- The Netherlands has become embroiled in political tensions between the United States and China, with the former looking to ensure that the most advanced chip technology is not used by Beijing.
- Dutch Foreign Trade Minister Liesje Schreinemacher said, "the existing export control framework for specific equipment used for the manufacture of semiconductors needs to be expanded, in the interests of national and international security."
- China has been working to bolster its domestic semiconductor industry, but it remains far behind the likes of Taiwan, South Korea and the U.S.
The Dutch government is pressing ahead with export restrictions on "advanced" semiconductor manufacturing equipment following political pressure from the United States.
The Netherlands has become embroiled in political tensions between the United States and China, with the former looking to ensure that the most advanced chip technology is not used by Beijing.
The small European nation of the Netherlands is home to ASML, one of the world's top manufacturers of machines that make semiconductors.
The U.S. is worried that if ASML ships its high-tech machines to China, chipmakers in the country could begin to manufacture the most advanced semiconductors in the world, which have extensive military and advanced artificial intelligence applications.
"Given the technological developments and the geopolitical context, the government has come to the conclusion that the existing export control framework for specific equipment used for the manufacture of semiconductors needs to be expanded, in the interests of national and international security," the country's foreign trade minister, Liesje Schreinemacher, said in a letter to parliament Wednesday.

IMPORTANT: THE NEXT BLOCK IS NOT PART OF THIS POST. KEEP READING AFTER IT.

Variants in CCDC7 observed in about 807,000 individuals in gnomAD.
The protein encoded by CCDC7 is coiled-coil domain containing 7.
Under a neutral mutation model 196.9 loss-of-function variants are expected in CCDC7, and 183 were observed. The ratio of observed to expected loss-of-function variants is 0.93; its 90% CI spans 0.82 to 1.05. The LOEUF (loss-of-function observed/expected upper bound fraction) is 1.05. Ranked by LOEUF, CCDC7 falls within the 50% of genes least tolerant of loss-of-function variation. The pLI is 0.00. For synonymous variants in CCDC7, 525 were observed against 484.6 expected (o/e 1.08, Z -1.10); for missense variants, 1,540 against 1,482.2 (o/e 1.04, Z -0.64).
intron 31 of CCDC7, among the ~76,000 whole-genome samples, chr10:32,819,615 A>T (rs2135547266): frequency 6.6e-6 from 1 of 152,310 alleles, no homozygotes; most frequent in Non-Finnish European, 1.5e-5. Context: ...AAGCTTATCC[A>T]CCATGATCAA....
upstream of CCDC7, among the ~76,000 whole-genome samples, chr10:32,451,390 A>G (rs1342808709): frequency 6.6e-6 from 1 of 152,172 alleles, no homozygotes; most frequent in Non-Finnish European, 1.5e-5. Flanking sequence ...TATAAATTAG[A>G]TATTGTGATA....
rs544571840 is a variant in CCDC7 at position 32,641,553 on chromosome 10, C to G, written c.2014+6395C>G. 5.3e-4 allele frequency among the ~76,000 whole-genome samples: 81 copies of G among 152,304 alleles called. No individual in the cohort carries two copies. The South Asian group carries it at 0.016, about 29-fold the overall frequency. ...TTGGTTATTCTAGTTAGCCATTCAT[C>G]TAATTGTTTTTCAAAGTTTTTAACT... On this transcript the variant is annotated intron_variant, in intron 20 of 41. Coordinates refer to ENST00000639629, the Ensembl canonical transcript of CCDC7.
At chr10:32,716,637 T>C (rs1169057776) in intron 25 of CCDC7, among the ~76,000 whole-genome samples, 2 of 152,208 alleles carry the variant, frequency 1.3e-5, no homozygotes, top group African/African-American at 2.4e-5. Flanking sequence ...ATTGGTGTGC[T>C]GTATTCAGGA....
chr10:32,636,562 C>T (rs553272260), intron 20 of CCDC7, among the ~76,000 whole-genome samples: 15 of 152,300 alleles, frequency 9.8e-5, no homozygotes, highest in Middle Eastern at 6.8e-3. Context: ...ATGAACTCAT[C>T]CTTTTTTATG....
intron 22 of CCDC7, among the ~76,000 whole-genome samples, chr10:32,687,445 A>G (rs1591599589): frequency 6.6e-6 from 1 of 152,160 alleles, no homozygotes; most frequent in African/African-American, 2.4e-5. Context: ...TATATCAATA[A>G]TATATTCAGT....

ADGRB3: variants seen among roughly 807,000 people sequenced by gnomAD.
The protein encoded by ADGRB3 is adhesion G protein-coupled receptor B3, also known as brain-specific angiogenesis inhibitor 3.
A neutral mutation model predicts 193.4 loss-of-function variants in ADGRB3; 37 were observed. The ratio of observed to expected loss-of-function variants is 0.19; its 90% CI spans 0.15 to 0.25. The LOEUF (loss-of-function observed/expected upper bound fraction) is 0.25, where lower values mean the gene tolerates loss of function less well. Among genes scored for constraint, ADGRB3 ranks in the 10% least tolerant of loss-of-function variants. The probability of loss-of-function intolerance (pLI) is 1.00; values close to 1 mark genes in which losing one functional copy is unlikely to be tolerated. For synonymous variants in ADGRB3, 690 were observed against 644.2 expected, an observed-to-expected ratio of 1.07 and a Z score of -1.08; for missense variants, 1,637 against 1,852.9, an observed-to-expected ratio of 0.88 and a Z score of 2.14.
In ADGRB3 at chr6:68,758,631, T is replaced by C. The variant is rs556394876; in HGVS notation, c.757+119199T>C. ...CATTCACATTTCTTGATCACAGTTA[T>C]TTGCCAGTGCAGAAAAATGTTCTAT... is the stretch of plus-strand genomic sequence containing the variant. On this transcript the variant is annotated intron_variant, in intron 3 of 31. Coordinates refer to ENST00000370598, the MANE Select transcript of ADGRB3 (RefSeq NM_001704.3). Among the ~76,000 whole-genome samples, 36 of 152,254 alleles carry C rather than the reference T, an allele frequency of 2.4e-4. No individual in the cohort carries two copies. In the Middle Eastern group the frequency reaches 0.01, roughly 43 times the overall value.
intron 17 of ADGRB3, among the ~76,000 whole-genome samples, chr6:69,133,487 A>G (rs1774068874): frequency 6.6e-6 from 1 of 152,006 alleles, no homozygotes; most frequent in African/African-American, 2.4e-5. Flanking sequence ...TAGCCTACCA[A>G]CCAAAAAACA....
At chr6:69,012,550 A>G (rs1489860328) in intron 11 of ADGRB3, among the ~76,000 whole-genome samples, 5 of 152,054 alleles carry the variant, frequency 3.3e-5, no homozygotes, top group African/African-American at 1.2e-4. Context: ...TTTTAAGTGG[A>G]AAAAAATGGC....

Although the letter does not reference China, it comes after pressure from the White House, which in 2022 imposed export controls that limit Beijing from accessing certain semiconductor chips. At the time, American officials recognized that if other countries did not impose similar restrictions, the export controls would lose effectiveness over time.
Since 2018, the U.S. has reportedly been asking the Dutch government to stop ASML shipping its extreme ultraviolet lithography machines to China. ASML has not shipped the equipment to China so far.
In the wake of the Dutch government's announcement, ASML said in a statement that, "it will take time for these controls to be translated into legislation and take effect."
"Based on today's announcement, our expectation of the Dutch government's licensing policy, and the current market situation, we do not expect these measures to have a material effect on our financial outlook," the company said Wednesday, adding that "the additional export controls do not pertain to all immersion lithography tools but only to what is called 'most advanced'."
ASML said it is not clear what the Dutch government means by the "most advanced" machines.
However, it said the regulations mean that it will need to apply for a license to export its so-called immersion deep ultraviolet (DUV) lithography machine, which is used to manufacture memory chips. These chips are used in a plethora of devices, from smartphones to laptops and servers, and could ultimately be used for artificial intelligence applications.
Last month, ASML said that a former employee in China had misappropriated data related to its proprietary technology.
China has been working to bolster its domestic semiconductor industry, but it remains far behind the likes of Taiwan, South Korea and the U.S.
The Chinese Ministry of Foreign Affairs said Thursday that it opposes the politicization of economic and trade cooperation and hopes that the Netherlands maintains an objective stance, according to Reuters.
Speaking on CNBC's "Street Signs Europe" on Thursday, Anna Rosenberg, head of geopolitics at the Amundi Institute, said that the latest announcement from the Netherlands is "a big deal" for President Joe Biden.
"The U.S. has been trying to get the EU to side with its policies towards China for a while, and it has significantly more leverage with the EU now than prior to the [Ukraine] war, simply because the EU is now pretty much entirely dependent on its security on the U.S.," she added.